It was and I said not but.
Huh? Say again? That statement doesn’t make sense.
Well, a long-ago English teacher wrote it on our classroom chalkboard one Monday morning, and challenged us to figure out how to make it intelligible. It remained there all week, ignored by some, I’m sure; but it captivated my attention, and I couldn’t rest until her challenge was met.
This was the teacher who first told me I had the makings of a writer, who encouraged me to write every chance I got, who supported my naïve ambition to write the great Canadian novel.
Beyond the importance of having a good story to tell, she said, and the necessity to populate it with believable characters, there are some essential rules you must follow if you want readers to persevere with you.
Number one: correct spelling and grammar are crucial. No reader will long stumble through badly-written prose, full of misspelled words, misplaced commas, and mistakes in punctuation. Sentences contain subjects and predicates, nouns and verbs, adjectives and adverbs, clauses and phrases; it is the good writer who knows the distinctions among them.
Number two: an easy, flowing style may sometimes override basic grammar rules, but a discerning reader will know the difference between literary licence and literary incompetence. Woe betide the author who does not.
Number three: show, don’t tell. Describe what’s happening in your story, rather than simply telling the reader. My teacher provided this example, the opening stanza to a poem by Alfred Noyes, The Highwayman:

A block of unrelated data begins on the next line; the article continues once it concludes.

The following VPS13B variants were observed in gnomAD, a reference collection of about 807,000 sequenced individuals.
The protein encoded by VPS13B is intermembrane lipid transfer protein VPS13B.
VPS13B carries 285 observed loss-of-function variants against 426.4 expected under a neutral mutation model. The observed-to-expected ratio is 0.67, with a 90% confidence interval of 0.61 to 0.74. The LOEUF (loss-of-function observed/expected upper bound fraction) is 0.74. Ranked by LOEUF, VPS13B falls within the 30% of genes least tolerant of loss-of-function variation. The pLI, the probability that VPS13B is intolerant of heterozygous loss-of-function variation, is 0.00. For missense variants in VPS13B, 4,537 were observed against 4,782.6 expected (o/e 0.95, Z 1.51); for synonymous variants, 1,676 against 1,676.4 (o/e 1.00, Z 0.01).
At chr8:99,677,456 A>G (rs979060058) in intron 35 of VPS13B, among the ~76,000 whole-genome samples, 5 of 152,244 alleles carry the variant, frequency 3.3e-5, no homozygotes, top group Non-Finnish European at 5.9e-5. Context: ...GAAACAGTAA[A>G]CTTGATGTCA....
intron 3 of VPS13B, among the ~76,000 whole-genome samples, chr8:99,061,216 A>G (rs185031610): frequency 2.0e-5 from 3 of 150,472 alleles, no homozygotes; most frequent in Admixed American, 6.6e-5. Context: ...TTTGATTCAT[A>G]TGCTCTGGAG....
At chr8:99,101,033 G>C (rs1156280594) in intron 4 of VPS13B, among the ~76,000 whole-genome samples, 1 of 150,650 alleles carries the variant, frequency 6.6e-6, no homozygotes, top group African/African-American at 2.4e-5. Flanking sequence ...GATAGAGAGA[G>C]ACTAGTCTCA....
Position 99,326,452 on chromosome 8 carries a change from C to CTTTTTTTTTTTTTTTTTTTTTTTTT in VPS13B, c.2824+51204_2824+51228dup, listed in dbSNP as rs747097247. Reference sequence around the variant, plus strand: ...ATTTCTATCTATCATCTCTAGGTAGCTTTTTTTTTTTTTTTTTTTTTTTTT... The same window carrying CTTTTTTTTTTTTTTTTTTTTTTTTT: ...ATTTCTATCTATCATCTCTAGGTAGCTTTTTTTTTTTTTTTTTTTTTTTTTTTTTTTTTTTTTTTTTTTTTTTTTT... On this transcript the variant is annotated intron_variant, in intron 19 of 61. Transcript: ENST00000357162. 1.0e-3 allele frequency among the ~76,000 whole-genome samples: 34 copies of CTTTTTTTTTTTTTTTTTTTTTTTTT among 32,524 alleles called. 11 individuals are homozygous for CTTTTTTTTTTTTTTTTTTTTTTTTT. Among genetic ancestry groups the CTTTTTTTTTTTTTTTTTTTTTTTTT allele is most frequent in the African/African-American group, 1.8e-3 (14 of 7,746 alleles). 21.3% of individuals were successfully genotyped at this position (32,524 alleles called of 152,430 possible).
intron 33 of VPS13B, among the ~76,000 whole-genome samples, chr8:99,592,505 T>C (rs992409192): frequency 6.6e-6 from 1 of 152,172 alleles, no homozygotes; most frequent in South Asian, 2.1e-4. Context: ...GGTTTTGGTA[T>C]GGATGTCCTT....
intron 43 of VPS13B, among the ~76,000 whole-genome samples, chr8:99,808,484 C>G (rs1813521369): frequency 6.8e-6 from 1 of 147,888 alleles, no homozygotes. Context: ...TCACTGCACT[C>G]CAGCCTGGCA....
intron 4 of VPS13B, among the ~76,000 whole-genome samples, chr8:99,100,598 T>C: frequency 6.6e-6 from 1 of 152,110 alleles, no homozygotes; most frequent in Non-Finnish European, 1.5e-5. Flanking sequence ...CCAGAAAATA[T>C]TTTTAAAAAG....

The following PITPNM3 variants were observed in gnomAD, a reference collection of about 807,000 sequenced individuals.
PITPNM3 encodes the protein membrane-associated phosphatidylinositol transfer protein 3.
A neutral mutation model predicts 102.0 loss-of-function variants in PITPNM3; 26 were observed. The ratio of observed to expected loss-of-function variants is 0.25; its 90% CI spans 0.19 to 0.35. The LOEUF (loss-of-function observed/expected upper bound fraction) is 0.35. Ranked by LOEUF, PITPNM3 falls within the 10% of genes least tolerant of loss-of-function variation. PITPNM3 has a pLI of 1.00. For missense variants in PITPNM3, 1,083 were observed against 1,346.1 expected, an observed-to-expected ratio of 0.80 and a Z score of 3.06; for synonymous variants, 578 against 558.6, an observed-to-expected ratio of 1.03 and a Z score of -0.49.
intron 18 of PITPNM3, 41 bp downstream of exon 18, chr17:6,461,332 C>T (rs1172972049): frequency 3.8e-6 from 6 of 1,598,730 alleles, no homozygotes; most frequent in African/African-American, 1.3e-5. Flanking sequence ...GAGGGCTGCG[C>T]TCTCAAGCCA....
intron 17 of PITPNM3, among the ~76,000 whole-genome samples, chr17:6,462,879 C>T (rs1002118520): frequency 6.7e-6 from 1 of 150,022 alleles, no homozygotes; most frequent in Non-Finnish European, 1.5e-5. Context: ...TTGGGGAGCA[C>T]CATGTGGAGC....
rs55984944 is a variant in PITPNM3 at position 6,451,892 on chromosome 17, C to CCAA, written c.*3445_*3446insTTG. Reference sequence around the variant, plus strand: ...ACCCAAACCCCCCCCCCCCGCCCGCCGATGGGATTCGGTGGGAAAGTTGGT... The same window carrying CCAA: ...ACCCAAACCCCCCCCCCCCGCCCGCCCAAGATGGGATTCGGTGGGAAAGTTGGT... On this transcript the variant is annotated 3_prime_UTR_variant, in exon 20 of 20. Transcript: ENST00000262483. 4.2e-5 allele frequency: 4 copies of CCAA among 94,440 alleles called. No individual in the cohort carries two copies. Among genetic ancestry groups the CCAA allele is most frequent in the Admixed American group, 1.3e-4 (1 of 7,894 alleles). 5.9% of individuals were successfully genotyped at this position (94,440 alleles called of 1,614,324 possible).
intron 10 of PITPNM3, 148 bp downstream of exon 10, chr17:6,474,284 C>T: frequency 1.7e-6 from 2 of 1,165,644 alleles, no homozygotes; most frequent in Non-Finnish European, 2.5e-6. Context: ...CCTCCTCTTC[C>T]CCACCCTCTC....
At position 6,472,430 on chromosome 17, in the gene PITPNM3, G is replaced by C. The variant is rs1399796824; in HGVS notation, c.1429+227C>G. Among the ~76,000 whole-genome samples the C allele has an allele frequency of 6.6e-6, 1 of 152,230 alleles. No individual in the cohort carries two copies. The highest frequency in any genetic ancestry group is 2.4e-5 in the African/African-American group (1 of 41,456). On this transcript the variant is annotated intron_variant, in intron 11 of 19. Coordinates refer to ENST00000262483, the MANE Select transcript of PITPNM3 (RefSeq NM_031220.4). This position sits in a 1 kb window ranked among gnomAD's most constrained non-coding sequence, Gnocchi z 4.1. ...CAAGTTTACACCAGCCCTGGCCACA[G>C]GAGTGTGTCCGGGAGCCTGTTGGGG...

The wind was a torrent of darkness among the gusty trees,
The moon was a ghostly galleon tossed upon cloudy seas,
The road was a ribbon of moonlight over the purple moor…
Contrast that with this oft-parodied opening phrase from Paul Clifford, an 1830 novel by Edward Bulwer-Lytton:
It was a dark and stormy night…
The first example allows the reader to imagine the conditions, to see them, to hear them, perhaps even to feel them; the second removes that opportunity absolutely. The first draws readers in, engages them; the second renders them passive receivers of the information.
Number four: if you worry about what someone might think of you when they read your scribblings, my teacher said, you’ll never write a thing. Many years later, I was pleased to read what Stephen King, in his book, On Writing: A Memoir of the Craft, had to say about that:
If you expect to succeed as a writer, rudeness should be the second-to-least of your concerns. The least of all should be polite society and what it expects. If you intend to write as truthfully as you can, your days as a member of polite society are numbered, anyway…
If you write (or paint or dance or sculpt or sing, I suppose), someone will try to make you feel lousy about it…
The final example is one I devised for myself: it’s impossible to actually finish a book. The best I can do is to simply stop writing at some point, and bid goodbye to the people who inhabit the story. For me, the process is initially about the writing; thereafter—endlessly if I were to allow that—it involves the rewriting.
And on that point, the wonderful American writer, Elmore Leonard, advised:
If it sounds like writing…rewrite it.
For me, the truest pleasure comes from the act of writing, of creating something that never existed before. Ernest Hemingway, another superb American writer, put it this way:
Writing is something that you can never do as well as it can be done. It is a perpetual challenge and it is more difficult than anything else that I have ever done—so I do it. And it makes me happy when I do it well.
My English teacher has long since passed away, but I still remember her admonitions, her inspiration, and her love of good writing. As for that seemingly-nonsensical sentence she wrote on the chalkboard those many years ago, a sprinkling of punctuation made everything clear:
“It was ‘and’,” I said. “Not ‘but’!”